The Christmas Show

“Deck the halls with bows of holly, fa la la la la la la la.  Tis the season to be jolly, fa la
la la la la la la …. ”

“I can’t hear you in the back, louder and enunciate clearly, enunciate.” Mrs. Eisen
waves her arms around in the air and then puts her lips to the silver pitch pipe and blows.

“Judy, Elaine, Susie, louder and stay on pitch. Stay on pitch girls! I don’t want to have to keep telling you this over and over. Bobby Patton, stop your sniffling. If you have a cold, please do us a favor and don’t come to school tomorrow. The Christmas show is next week, and we can’t afford to get sick.”

The music teacher at my elementary school, Mrs. Flora Eisen, has been here forever. She
is 60 years old with blue-white hair and a space between her front teeth. It’s a wide gap and I wonder if food gets caught in there. She has a full bosom and always wears bright flowery dresses, which flounce around when she walks. She’s the bossiest teacher in the whole world, and I don’t know if I want to be in her silly Christmas show anyway. It isn’t my holiday.

We’re Jewish. My family celebrates Chanukah, but I do like being off from school for two whole weeks for Christmas vacation. I am in the sixth grade at Melrose Avenue School and every year for the last four years it’s been the same story. I am in chorus. Flora Eisen rehearses us four hours a day and by the end of the first week, my voice is usually gone, and mother has to call the school to tell them I’ll be absent.

This year, my senior year, the last before I graduate, I am determined that I am not going
to get sick. I’m going to stay away from Bobby Patton and his sniffly nose. I’m going to finally sing in the Christmas Show and I am going to enjoy a wonderful Christmas Vacation.

“Silent night, holy night, all is calm, all is bright, round yon virgin, mother and child.

Holy infant, so tender and mild.” I can never remember all the lyrics, but once I heard the song in German, it was so beautiful in German. It went something like “Heiligenacht, stillegenacht.” I wish we could learn it in the German.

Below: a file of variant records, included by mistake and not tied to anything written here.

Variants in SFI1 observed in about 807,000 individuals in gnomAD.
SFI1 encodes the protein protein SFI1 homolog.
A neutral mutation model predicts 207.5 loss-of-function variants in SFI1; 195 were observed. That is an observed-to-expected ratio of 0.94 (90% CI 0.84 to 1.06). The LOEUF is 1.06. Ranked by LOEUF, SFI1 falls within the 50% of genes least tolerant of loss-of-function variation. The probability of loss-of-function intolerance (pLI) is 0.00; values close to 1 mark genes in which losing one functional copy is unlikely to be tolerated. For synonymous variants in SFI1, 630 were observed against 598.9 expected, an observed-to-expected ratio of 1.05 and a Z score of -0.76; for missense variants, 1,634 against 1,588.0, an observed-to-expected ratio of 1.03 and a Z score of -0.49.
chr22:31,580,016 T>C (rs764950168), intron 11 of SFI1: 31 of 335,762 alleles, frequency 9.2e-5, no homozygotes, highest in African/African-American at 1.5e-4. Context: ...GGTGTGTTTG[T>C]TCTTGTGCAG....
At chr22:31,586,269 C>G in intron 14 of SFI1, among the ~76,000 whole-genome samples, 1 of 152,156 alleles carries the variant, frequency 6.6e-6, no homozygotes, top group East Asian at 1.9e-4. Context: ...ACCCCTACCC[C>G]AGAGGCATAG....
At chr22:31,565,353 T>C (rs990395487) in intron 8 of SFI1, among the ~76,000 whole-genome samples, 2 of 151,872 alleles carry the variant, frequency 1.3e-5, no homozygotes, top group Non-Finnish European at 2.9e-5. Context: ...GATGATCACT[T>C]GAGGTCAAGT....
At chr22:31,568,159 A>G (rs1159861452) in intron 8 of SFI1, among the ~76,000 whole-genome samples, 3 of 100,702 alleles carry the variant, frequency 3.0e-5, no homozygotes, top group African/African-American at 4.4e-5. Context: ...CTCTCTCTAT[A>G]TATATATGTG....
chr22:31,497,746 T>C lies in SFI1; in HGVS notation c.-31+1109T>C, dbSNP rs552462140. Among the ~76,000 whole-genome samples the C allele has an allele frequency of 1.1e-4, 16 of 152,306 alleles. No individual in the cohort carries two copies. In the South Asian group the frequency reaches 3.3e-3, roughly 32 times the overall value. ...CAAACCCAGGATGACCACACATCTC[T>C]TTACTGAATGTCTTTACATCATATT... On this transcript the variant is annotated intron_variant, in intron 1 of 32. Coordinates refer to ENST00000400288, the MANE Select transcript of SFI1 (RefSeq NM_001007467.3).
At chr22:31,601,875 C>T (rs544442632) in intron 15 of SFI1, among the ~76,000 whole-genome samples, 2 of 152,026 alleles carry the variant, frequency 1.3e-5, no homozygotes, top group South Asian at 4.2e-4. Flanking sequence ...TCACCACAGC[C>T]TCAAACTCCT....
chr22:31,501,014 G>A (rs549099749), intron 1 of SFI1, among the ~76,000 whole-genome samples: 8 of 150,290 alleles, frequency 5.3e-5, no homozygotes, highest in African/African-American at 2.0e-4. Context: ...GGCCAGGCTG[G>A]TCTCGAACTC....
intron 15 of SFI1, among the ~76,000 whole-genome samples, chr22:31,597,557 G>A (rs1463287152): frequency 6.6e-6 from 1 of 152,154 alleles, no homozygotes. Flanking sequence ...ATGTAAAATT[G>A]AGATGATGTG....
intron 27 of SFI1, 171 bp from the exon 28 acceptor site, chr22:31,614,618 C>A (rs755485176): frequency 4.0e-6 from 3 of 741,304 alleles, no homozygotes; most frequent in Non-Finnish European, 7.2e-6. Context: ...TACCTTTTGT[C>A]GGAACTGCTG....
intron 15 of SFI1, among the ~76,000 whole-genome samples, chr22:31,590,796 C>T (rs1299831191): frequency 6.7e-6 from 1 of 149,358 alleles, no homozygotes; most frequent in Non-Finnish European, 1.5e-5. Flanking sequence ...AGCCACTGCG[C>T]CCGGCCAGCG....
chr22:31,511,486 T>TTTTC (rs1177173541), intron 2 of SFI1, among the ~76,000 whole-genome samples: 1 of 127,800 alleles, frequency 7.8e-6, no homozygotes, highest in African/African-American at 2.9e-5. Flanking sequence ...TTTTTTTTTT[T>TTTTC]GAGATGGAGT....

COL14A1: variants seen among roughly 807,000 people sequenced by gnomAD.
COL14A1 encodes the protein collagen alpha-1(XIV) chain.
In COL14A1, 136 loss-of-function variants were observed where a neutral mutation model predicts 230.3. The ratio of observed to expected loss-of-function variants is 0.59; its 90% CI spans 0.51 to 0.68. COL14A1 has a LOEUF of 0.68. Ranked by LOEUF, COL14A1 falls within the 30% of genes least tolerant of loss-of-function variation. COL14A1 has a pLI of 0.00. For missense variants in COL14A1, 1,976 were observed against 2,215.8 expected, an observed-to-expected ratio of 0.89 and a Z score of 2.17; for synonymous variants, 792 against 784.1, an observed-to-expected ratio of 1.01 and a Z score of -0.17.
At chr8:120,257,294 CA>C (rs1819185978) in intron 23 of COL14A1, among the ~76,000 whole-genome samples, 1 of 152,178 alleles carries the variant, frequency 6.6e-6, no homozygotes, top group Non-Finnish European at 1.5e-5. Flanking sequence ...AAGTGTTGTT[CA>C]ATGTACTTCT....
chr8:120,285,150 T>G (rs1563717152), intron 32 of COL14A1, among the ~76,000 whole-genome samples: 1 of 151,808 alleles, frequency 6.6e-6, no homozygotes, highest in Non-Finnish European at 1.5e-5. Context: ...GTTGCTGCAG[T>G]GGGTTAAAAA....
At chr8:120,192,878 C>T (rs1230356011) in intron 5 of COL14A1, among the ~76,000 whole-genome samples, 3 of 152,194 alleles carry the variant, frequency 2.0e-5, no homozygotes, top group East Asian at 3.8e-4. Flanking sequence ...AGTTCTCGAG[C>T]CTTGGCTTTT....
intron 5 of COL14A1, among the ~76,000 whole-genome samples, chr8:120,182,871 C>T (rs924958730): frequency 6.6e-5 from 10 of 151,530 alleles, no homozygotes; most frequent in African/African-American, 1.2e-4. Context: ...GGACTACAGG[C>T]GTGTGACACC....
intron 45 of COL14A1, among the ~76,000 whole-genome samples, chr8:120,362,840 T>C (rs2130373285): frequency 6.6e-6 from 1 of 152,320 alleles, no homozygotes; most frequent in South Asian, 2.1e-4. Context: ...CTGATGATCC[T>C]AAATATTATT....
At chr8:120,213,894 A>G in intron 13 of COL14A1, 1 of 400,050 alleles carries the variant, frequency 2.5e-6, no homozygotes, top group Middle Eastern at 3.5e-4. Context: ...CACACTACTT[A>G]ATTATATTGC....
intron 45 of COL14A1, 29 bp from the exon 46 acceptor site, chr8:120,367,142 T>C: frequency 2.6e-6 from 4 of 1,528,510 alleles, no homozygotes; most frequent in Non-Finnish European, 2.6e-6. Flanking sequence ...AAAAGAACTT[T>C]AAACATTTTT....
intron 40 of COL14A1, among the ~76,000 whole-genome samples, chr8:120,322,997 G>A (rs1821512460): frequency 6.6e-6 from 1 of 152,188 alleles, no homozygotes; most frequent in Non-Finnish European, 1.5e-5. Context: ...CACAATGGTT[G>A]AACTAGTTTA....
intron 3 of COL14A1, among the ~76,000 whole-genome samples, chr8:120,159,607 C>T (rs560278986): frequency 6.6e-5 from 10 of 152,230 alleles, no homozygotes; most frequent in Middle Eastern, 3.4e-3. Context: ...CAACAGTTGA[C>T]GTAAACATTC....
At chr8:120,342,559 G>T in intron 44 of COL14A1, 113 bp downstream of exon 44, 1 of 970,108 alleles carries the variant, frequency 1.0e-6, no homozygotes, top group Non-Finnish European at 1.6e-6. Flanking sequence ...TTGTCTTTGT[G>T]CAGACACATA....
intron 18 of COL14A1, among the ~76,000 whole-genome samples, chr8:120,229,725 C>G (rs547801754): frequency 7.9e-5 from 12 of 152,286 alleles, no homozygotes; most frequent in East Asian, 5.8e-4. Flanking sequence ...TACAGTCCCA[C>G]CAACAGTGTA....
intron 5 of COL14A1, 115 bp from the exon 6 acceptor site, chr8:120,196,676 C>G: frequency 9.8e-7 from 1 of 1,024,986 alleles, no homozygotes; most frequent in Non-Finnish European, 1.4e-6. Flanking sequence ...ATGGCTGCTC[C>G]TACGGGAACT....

Flora Eisen blows into her shrill pitch pipe, and brushes a strand of blue hair across her
forehead. “Girls and boys, remember, all your parents will be here, all your teachers will be
watching you. The principal too. You want to show them how professional you are. You are
going to have to practice, practice, practice.”

Bobby Patton sniffles again and blows his nose loudly in the back row. “That’s it Bobby
Patton, I’ve had it with you,” Mrs. Eisen yells, raising her hands. “You’re going to get us sick. Go to the nurse immediately. Here’s a hall pass.” She holds it out at arm’s length. Bobby doesn’t seem to mind being kicked out of the Christmas show and when Flora Eisen isn’t looking, he turns around and makes a face at her. I want to laugh but I don’t.

“Diane and Joy, you’re going to be singing Winter Wonderland solo. I know I can count on you girls, like I always do,” Mrs. Eisen smiles. Diane Winters and Joy Shiffman are the teacher’s pets. They’re very smart and Mrs. Eisen is always playing favorites. They do have
good voices, but why should they always get the good parts. I love that song. It always makes me think of snow around a pond, kids on ice skates, and a horse-drawn sleigh. There are other children who are talented too.  Doesn’t Mrs. Eisen know that?

“Dress rehearsal, 8 PM tomorrow night. Remember. Is there anybody who can’t make
it, let me know right now.” Mrs. Eisen plops her large body down on a chair and sighs. “What a day! I’m never going to make it through the week,until the performance Friday.”

What does she mean, she’s never going to make it until the performance? What about us,
we’re the ones who are doing all the singing. Trying to do our best. Practicing hours each day. All she’s doing is standing there and blowing into that silly pitch pipe.

The night of the dress rehearsal, Mrs. Eisen arrives late. She is holding a box of Kleenex
in one hand and a teacup in another. Her eyes are red. She blows on the pitch pipe, and when she speaks, it’s with a hoarse voice. “Now boys and girls, you’re going to really have to work tonight, pretend this is the real performance, remember your parents and your teachers are going ….. ” Mrs. Eisen cannot finish without clearing her throat.

“Deck the halls with bows of holly, fa la la la la, la, la, la, la. ‘Tis the season to be jolly ……. ” Everyone sounds really great tonight. We go right into a medley of Silent Night and Santa Claus is Coming to Town and finish with White Christmas, one of my favorites.
My voice is right on pitch. I am very proud of myself. Tomorrow night is the show and I did not get sick this year, I am going to perform after all, but poor Mrs. Eisen, she is blowing her nose and drinking tea, I don’t think she’s going to make it.

I can imagine myself tomorrow night, standing in front of the chorus and waving my baton, and then turning around to bow to the audience. They are clapping wildly. I would make a great conductor; I have a real sense of the music. I’m going to wear my best dress tomorrow night just in case they call on me.

by  Judy Liebman

Select all writings of  Judy Liebman

Select biography of  Judy Liebman

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